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Following the Computer World tour, the largest and longest that Kraftwerk had ever embarked on, the band discussed the matter of exercise. Having noticed how close associate Emil Schult seemed to have the most energy out of all of them, they adopted two habits he had recently taken up: vegetarianism and cycling.
Along with music, cycling can be seen as the second great love of Ralf Hütter’s life. The band’s leader and now, following Florian Schneider’s departure in 2008, sole remaining original member, it’s said by some that the intensity of his love for and addiction to cycling is at least in part the reason for the massive slowdown in Kraftwerk’s output post-1981. Hütter took to cycling every day, encouraged the rest of the group to start doing the same and enrolled them with a Düsseldorf cycle club where they adopted the nickname ‘Radsportgruppe Schneider’ (‘The Schneider Cyclist Club’) and wore a uniform of black pro-cycling wear. Allegedly they chose the colour of their outfits to match the night, when is when they worked in the studio, and the coffee they drank vast quantities of while talking about music.
Hütter had always been the sports-lover of the group, attending football matches and playing golf. Given the stress he places in interviews on Kraftwerk being interested primarily in daily life, it seemed natural that sport would at some point prove an attractive theme to write about, although other members of the band were less convinced of its conceptual suitability. Tempting as it may be to daydream about a golf-themed Kraftwerk album, though, cycling at once seems a natural fit; as Hütter remarked to Pascal Bussy in 1991: “It is the man machine.”
Originally intended to be a track on Kraftwerk’s ill-starred Techno Pop LP, 'Tour de France' was released as a single in June 1983. As things turned out it would be another 20 years before it featured on an album, Tour de France Soundtracks, the title of which has now been shrunk to Tour de France. A sleek, oiled rush of sound, Tour de France is the first Kraftwerk album since 1981’s Computer World in which music and lyrics work in tandem as part of a defined, unified construct.
Reaping the benefits of this focus, the opening quartet of ‘Tour de France Étape 1’, ‘...Étape 2’, ‘...Étape 3’ and ‘Chrono’, rank as a junior partner to the epic journeys of ‘Autobahn’ and ‘Trans-Europe Express’. A liquid techno pulse that surges forth and recedes like a peloton, this suite's central spine is a cyclical derailleur hiss that flows on through 18 minutes of atmospheric metamorphoses, and marks yet another of those moments of immersive trance for which many would have been justified in thinking, by the time 2003 rolled around, Kraftwerk had lost the knack.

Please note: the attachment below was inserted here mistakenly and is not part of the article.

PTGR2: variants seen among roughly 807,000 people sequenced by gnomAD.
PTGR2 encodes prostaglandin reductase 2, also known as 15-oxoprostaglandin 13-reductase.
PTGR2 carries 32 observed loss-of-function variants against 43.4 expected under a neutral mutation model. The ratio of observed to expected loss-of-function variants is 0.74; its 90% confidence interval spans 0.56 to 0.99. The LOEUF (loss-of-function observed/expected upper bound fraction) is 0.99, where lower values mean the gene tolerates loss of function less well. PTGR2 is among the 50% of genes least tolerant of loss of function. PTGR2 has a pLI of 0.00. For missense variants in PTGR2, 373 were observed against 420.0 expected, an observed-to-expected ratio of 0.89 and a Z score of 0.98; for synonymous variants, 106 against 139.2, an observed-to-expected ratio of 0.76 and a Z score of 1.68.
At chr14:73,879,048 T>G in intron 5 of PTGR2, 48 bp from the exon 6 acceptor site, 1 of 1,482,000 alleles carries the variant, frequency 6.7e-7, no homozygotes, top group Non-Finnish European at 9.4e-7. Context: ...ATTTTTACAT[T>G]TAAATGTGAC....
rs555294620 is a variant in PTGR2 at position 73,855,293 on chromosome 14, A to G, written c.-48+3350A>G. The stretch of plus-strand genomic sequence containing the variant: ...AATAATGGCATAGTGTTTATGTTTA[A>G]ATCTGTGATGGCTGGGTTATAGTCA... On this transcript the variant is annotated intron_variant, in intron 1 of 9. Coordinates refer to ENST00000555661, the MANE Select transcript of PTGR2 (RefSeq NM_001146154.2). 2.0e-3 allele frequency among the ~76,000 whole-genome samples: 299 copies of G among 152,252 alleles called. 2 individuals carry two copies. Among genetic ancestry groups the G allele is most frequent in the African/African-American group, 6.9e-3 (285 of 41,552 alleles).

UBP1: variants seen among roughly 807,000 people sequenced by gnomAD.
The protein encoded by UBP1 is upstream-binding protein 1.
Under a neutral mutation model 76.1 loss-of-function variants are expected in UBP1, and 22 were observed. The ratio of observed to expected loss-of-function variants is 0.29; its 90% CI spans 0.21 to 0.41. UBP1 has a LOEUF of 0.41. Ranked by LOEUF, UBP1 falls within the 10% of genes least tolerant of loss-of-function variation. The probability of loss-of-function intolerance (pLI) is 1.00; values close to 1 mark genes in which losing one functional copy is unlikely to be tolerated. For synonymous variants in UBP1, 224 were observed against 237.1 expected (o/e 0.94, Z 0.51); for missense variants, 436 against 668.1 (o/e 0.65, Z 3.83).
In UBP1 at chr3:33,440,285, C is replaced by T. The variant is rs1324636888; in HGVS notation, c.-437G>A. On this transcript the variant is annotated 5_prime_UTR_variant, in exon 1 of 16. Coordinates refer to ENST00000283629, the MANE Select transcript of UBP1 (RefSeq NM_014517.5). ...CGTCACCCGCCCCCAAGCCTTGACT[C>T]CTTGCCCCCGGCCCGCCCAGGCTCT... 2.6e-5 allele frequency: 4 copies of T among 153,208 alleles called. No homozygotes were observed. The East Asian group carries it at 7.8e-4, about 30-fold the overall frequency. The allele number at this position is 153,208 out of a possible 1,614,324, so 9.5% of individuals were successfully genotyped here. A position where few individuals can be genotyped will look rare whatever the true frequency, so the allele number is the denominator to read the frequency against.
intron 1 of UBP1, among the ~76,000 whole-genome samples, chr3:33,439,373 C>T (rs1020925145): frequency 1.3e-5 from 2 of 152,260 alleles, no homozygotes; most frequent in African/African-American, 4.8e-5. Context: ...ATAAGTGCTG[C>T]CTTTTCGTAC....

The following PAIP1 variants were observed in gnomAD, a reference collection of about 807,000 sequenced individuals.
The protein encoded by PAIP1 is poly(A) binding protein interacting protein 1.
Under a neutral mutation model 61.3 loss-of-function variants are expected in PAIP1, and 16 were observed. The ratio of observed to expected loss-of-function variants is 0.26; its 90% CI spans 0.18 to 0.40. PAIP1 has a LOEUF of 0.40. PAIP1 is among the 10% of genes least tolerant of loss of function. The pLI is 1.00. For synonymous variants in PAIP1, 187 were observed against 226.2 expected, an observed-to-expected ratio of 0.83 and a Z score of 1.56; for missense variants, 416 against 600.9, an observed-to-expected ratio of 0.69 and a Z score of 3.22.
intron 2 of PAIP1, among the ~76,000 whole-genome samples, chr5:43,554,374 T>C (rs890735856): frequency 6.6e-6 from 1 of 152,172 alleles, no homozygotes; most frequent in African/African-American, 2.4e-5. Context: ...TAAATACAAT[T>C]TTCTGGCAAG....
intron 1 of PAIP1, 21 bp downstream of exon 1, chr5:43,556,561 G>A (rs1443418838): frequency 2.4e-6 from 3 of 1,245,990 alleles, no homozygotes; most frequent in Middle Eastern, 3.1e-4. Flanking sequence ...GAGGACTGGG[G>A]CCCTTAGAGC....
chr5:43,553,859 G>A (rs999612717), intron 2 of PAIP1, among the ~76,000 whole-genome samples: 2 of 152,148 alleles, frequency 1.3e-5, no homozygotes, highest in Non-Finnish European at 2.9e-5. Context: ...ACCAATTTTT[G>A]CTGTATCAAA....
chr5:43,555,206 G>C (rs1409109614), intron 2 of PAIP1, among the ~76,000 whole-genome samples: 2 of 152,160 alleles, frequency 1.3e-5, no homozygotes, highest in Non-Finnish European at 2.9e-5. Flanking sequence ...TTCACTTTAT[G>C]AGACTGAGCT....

Typically Kraftwerkian in its focus on an element of daily life that would be considered beneath the attentions of most songwriters, the descending filtered clangs and shimmering synth detailing of ‘Vitamin’ house a slow-motion paean to, well, vitamins. The acid-flecked drive and starlit pads of ‘Aéro Dynamik’, meanwhile, see the band dip a wing simultaneously in the direction of both the Berlin and Detroit techno variants which they played such a large part in creating. Seemingly referencing the serious cycling accident Hütter suffered in the Alps in 1983, ‘Elektro Kardiogramm’ begins with a heartbeat and a similar respiratory sample to that which opens the original ‘Tour de France’. Fascinatingly, it contains some discordant organ-style playing embedded deep in the mix that seems to hark back to the improvisatory passages of 'Autobahn'. Utilising a delicate, tightly-sprung breakbeat and minimalist melody line to develop its powerfully claustrophobic feel, 'Elektro Kardiogramm' also underlines the priority Tour de France awards the 'track' in favour of the 'song', and perhaps suggests the reason for the 'soundtracks' suffix in the original title.
Slipstreaming one behind the other, the tracks Tour de France comprises are wonderfully self-assured pieces of work. Even as the album slows into the somewhat meandering bleep-laden territory of Ralf Hütter solo composition ‘La Forme’ its litany of cyclists’ buzzwords – _ ‘Preparation/Musculation/Concentration/ Et, condition’_ – exerts a Zen-like aura that proves absorbing.
The album closes with the original ‘Tour de France’, its arrival foreshadowed by a minor-key interpolation of its bright, skeletal melody into ‘La Forme’s brief coda, ‘Regeneration’. Without this it might have felt thoughtlessly tacked on, and it could still be argued that it makes a less suitable concluding track than might have been hoped for. Nevertheless, it remains a winning piece of musique concrète pop, a spinning bike chain and ragged breaths underpinning Hütter’s pre-robot vocals listing the race’s famous stages and infamous climbs.
A valuable addition to Kraftwerk’s oeuvre, Tour de France allows the hope that there might still be one more great album to emanate from the recently relocated Kling Klang studio. Ralf Hütter has suggested that new material might be forthcoming in 2010, but long-time observers will know that holding one’s breath isn’t advisable. Desirable as such a thought is, were we never to hear another note from Kraftwerk we’d still have had as much from them as from any musicians in the modern era. In particular the trilogy of Trans-Europe Express, The Man-Machine and Computer World hold their place in the musical landscape that they did so much to shape, their sublime fusion of human emotion and machine functionality as endlessly evocative and influential as asserted by Hütter in an interview he gave Keyboards magazine in 1992:
“Kraftwerk is permanent. Durability is a central concept in art. Our sounds and programmes are immortal. Thanks to the computer someone else will be able to continue what we are doing...”
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